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Headshot / Photo Editing Tips in Photoshop

Detailed Guide on Headshot in Photoshop in Easy Steps!

By Photos Editing servicesPublished 5 months ago 9 min read

A headshot photo serves many purposes – from passport sized photographs for resumes and school applications to large photos of celebrities to the unusual whims of photography enthusiasts. Whatever the reason, portrait retouching is a must not only for a professional look but also for playing around with the various editing modes to obtain your desired results.

Retouch the Eyes

Eyes are the window to the soul. There is no reason for not touching them up in portrait editing.

If there are both eyes in the frame and in focus, do the enhancements on one and then duplicate everything for the other. Zoom in to get a close-up of the eye.

  • Enhancing the texture of the iris (Dodge and Burn layers)

When you zoom in, the bland texture of the iris does not look good at all. Hence, improve this texture.

  1. Create a duplicate layer through “Ctrl+J”.
  2. Go to the “Adjustment Layer” icon present at the bottom hand right corner and select “Curves”. Name this layer “Dodge”.
  3. In its dialogue box, drag the histogram graph up to brighten the overall iris area, as needed.
  4. Press “Ctrl/Cmd+I” to invert the layer mask from white to black.
  5. Again go to the “Adjustment Layer” icon and select “Curves”. Name this layer “Burn”.
  6. Drag its histogram graph down to darken the image.
  7. Press “Ctrl/Cmd+I” to invert the layer mask from white to black.
  8. Select your “Dodge” layer mask. Make sure that the foreground color in the “Color Picker” is white and select the “Brush tool”. In the properties at the top, ensure that “Mode: Normal”, “Opacity: 100%” and “Flow: 10%” are selected.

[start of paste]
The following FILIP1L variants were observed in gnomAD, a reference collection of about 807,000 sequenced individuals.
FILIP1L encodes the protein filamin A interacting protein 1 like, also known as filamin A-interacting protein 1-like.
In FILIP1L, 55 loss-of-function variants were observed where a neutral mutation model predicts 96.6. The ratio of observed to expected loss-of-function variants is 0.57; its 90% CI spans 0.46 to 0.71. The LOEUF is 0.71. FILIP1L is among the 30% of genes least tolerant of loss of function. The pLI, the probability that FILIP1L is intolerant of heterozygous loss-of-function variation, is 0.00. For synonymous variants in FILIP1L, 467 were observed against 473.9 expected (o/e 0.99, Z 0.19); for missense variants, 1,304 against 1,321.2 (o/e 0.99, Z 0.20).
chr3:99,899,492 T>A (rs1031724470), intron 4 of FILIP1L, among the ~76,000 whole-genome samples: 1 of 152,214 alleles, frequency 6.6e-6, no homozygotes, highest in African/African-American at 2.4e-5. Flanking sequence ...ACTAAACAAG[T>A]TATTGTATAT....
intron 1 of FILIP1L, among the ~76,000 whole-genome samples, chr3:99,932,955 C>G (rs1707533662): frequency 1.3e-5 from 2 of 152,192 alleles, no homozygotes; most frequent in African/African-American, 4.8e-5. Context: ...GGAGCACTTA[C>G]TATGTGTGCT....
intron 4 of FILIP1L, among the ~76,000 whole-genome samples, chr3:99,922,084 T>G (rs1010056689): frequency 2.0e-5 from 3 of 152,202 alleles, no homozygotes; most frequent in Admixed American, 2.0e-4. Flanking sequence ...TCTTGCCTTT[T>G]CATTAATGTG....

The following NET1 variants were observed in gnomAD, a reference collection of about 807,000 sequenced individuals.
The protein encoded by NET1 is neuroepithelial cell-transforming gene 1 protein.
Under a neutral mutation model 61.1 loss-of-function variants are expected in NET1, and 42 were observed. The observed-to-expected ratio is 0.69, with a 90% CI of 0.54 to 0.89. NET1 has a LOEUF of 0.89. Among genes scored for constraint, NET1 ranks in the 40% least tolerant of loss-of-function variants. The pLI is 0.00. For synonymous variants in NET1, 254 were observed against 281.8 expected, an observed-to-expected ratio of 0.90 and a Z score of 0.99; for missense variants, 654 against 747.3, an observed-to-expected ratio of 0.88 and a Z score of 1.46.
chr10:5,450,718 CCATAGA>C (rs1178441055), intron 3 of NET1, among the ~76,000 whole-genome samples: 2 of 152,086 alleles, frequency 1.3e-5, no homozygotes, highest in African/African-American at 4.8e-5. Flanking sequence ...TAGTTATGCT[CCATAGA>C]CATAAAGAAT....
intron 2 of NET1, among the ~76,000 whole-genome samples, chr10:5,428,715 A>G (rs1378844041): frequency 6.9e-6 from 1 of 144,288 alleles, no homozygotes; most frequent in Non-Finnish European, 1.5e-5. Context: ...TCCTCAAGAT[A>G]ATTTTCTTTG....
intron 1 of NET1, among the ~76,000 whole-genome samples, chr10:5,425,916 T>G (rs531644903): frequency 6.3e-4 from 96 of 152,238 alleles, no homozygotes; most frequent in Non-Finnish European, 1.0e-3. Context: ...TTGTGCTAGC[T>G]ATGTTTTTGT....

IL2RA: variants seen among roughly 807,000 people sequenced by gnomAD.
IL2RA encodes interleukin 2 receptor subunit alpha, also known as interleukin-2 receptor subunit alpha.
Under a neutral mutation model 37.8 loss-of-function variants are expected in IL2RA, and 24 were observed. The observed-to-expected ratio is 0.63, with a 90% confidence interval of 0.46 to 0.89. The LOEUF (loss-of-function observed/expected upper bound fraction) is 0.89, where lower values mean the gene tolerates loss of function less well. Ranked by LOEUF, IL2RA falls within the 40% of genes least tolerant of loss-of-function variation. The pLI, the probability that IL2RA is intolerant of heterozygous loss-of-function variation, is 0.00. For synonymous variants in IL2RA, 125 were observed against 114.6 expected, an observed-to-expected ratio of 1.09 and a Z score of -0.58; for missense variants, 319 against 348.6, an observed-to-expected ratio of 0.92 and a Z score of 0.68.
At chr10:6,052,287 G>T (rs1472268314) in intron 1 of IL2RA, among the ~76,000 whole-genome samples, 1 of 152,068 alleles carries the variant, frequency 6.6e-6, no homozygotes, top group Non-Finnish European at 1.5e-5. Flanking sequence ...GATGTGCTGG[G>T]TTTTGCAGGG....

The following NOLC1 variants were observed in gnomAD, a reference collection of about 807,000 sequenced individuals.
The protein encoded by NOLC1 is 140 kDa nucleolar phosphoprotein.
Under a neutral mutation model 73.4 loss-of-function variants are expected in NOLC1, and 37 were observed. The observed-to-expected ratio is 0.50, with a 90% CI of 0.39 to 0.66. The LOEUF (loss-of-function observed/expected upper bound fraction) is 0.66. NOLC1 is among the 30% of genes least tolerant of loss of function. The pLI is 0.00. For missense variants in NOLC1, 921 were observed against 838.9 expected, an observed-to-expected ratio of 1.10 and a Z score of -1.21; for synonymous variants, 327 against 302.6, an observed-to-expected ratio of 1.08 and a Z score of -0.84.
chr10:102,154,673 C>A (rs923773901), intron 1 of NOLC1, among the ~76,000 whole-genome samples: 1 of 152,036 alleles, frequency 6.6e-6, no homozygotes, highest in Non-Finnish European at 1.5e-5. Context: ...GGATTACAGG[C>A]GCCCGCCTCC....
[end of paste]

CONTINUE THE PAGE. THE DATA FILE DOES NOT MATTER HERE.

9. Select a small and very soft brush; put its “Hardness” at “0%” and the “Pixel Radius” at “10%”.
  10. Now, draw strokes in the iris (from the inner edge to the outer edge of the iris).
  11. Once done, do the same in the “Burn” layer mask, keeping all properties the same.
  12. Draw the same strokes, but focus more on the upper part of the iris where the shadow of the lashes fall.
  13. Check your result by hiding and un-hiding the “Background” Layer. The texture of the iris will have improved beautifully.

Removing discoloration of the sclera

Discoloration (e.g. yellowish-ness) or a great number of blood vessels in the eye need to be rectified.

  1. Go to the “Adjustment Layer” icon and select “Black & White”. This will turn the image to a black and white picture.
  2. In the side panel, drop the “Opacity” to what feels a natural skin color, perhaps around “35%”. This will regain the colors.
  3. Invert this layer mask through “Ctrl/Cmd+I”.
  4. In the properties at the top, increase the “Flow” to “100%”.
  5. Select a relatively larger brush to paint over the sclera. Increase the “Opacity” to “100%” to better see the area to be painted.
  6. Roughly cover the whole of the sclera.
  7. Reduce the “Opacity” to “0%” and then slowly increase it to find the right point where the other colors are reduced as required.

Brightening the eyes

The following steps add a contrast between the outer darker layer of the iris and its middle part (what we are brightening).

  1. Create another duplicate layer of the original.
  2. Select the “Brush Tool”, a soft brush.
  3. In the “Color Picker (Foreground Color)”, choose complete white.
  4. Reduce the “Flow” to around “50%”.
  5. Paint the lower half of the iris in a half moon shape.
  6. It, as it is, looks fake so change the “Blending Mode: Normal” to “Blending Mode: Overlay”. Then lower the “Opacity” as required to give the iris a natural feel.